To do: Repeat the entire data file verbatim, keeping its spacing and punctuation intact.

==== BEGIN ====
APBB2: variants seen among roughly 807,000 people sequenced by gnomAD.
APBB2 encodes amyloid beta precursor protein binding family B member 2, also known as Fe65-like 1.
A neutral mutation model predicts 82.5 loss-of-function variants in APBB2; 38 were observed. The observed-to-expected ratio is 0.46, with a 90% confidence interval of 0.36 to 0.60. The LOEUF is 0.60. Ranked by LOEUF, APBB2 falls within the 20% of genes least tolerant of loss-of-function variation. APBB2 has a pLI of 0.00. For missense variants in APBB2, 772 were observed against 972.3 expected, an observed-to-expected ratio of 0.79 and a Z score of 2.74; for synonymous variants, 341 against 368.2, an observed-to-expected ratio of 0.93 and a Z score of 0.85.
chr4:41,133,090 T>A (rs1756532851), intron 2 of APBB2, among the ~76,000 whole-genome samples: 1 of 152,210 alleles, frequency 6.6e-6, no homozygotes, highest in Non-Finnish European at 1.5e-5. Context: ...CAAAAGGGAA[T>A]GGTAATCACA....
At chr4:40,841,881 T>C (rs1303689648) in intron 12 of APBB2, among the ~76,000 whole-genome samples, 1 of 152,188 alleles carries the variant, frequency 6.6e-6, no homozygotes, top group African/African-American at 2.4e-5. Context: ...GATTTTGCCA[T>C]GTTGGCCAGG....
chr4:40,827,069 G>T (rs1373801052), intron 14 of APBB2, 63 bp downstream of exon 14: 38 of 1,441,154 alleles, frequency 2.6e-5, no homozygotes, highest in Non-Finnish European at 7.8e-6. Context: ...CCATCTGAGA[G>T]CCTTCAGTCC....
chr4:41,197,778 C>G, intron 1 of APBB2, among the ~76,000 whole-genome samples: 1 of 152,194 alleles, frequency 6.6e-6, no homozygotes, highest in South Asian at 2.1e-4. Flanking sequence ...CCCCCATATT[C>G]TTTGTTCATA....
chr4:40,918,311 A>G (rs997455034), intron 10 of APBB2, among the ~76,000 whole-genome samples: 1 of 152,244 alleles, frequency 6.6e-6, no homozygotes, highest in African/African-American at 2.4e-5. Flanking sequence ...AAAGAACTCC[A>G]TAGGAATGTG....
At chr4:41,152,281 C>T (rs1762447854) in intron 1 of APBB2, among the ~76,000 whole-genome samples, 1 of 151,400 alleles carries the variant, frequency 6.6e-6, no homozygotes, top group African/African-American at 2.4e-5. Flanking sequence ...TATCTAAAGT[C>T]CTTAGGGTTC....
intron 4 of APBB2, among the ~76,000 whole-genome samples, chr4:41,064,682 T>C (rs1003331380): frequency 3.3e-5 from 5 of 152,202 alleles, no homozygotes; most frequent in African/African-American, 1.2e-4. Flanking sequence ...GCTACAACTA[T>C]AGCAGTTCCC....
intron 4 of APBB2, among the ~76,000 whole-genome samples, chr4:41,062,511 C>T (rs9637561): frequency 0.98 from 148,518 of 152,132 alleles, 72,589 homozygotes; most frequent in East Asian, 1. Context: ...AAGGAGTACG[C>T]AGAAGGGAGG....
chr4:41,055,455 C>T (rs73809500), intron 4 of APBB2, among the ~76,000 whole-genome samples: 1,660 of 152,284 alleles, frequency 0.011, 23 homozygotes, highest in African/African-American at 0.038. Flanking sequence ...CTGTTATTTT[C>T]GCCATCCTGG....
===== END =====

APBB2: variants seen among roughly 807,000 people sequenced by gnomAD.
APBB2 encodes amyloid beta precursor protein binding family B member 2, also known as Fe65-like 1.
A neutral mutation model predicts 82.5 loss-of-function variants in APBB2; 38 were observed. The observed-to-expected ratio is 0.46, with a 90% confidence interval of 0.36 to 0.60. The LOEUF is 0.60. Ranked by LOEUF, APBB2 falls within the 20% of genes least tolerant of loss-of-function variation. APBB2 has a pLI of 0.00. For missense variants in APBB2, 772 were observed against 972.3 expected, an observed-to-expected ratio of 0.79 and a Z score of 2.74; for synonymous variants, 341 against 368.2, an observed-to-expected ratio of 0.93 and a Z score of 0.85.
chr4:41,133,090 T>A (rs1756532851), intron 2 of APBB2, among the ~76,000 whole-genome samples: 1 of 152,210 alleles, frequency 6.6e-6, no homozygotes, highest in Non-Finnish European at 1.5e-5. Context: ...CAAAAGGGAA[T>A]GGTAATCACA....
At chr4:40,841,881 T>C (rs1303689648) in intron 12 of APBB2, among the ~76,000 whole-genome samples, 1 of 152,188 alleles carries the variant, frequency 6.6e-6, no homozygotes, top group African/African-American at 2.4e-5. Context: ...GATTTTGCCA[T>C]GTTGGCCAGG....
chr4:40,827,069 G>T (rs1373801052), intron 14 of APBB2, 63 bp downstream of exon 14: 38 of 1,441,154 alleles, frequency 2.6e-5, no homozygotes, highest in Non-Finnish European at 7.8e-6. Context: ...CCATCTGAGA[G>T]CCTTCAGTCC....
chr4:41,197,778 C>G, intron 1 of APBB2, among the ~76,000 whole-genome samples: 1 of 152,194 alleles, frequency 6.6e-6, no homozygotes, highest in South Asian at 2.1e-4. Flanking sequence ...CCCCCATATT[C>G]TTTGTTCATA....
chr4:40,918,311 A>G (rs997455034), intron 10 of APBB2, among the ~76,000 whole-genome samples: 1 of 152,244 alleles, frequency 6.6e-6, no homozygotes, highest in African/African-American at 2.4e-5. Flanking sequence ...AAAGAACTCC[A>G]TAGGAATGTG....
At chr4:41,152,281 C>T (rs1762447854) in intron 1 of APBB2, among the ~76,000 whole-genome samples, 1 of 151,400 alleles carries the variant, frequency 6.6e-6, no homozygotes, top group African/African-American at 2.4e-5. Flanking sequence ...TATCTAAAGT[C>T]CTTAGGGTTC....
intron 4 of APBB2, among the ~76,000 whole-genome samples, chr4:41,064,682 T>C (rs1003331380): frequency 3.3e-5 from 5 of 152,202 alleles, no homozygotes; most frequent in African/African-American, 1.2e-4. Flanking sequence ...GCTACAACTA[T>C]AGCAGTTCCC....
intron 4 of APBB2, among the ~76,000 whole-genome samples, chr4:41,062,511 C>T (rs9637561): frequency 0.98 from 148,518 of 152,132 alleles, 72,589 homozygotes; most frequent in East Asian, 1. Context: ...AAGGAGTACG[C>T]AGAAGGGAGG....
chr4:41,055,455 C>T (rs73809500), intron 4 of APBB2, among the ~76,000 whole-genome samples: 1,660 of 152,284 alleles, frequency 0.011, 23 homozygotes, highest in African/African-American at 0.038. Flanking sequence ...CTGTTATTTT[C>T]GCCATCCTGG....